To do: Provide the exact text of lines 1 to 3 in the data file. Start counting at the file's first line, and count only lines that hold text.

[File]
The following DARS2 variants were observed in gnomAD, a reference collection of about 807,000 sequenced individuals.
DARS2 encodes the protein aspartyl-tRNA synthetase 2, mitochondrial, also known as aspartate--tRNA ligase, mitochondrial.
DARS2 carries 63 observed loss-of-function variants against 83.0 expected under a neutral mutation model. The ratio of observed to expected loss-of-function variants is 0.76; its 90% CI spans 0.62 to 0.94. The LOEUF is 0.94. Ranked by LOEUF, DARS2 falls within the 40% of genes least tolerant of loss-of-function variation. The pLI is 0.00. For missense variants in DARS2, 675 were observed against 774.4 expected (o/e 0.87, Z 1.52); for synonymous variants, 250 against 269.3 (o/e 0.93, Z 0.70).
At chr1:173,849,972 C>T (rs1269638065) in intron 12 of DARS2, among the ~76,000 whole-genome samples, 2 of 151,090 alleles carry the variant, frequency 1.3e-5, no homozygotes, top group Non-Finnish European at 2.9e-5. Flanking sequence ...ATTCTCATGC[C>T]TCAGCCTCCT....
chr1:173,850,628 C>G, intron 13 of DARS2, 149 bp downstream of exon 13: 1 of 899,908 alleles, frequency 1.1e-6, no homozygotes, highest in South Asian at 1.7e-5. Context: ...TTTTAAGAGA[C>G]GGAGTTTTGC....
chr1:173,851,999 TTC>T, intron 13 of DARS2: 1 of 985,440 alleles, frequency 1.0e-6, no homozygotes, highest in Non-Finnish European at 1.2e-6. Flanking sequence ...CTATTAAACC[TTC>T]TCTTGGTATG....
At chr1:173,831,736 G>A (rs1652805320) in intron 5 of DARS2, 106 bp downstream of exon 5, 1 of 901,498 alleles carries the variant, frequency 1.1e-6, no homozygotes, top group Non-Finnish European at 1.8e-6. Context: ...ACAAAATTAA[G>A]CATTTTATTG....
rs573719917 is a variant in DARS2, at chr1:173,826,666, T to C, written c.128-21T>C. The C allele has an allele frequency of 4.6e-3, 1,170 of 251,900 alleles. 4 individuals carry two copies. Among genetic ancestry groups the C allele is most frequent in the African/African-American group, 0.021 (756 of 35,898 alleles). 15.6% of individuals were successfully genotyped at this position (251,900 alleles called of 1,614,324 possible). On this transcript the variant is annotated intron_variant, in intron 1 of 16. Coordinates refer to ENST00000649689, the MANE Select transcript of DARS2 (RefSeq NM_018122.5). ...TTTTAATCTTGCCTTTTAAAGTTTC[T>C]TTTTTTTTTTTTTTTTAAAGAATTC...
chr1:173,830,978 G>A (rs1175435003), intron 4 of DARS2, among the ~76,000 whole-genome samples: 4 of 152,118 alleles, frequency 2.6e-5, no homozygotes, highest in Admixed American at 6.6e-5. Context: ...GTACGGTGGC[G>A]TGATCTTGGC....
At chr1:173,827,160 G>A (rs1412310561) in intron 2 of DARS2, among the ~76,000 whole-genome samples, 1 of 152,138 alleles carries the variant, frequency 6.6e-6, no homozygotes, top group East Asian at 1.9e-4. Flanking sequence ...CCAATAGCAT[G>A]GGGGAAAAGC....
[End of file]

The following DARS2 variants were observed in gnomAD, a reference collection of about 807,000 sequenced individuals.
DARS2 encodes the protein aspartyl-tRNA synthetase 2, mitochondrial, also known as aspartate--tRNA ligase, mitochondrial.
DARS2 carries 63 observed loss-of-function variants against 83.0 expected under a neutral mutation model. The ratio of observed to expected loss-of-function variants is 0.76; its 90% CI spans 0.62 to 0.94. The LOEUF is 0.94. Ranked by LOEUF, DARS2 falls within the 40% of genes least tolerant of loss-of-function variation. The pLI is 0.00. For missense variants in DARS2, 675 were observed against 774.4 expected (o/e 0.87, Z 1.52); for synonymous variants, 250 against 269.3 (o/e 0.93, Z 0.70).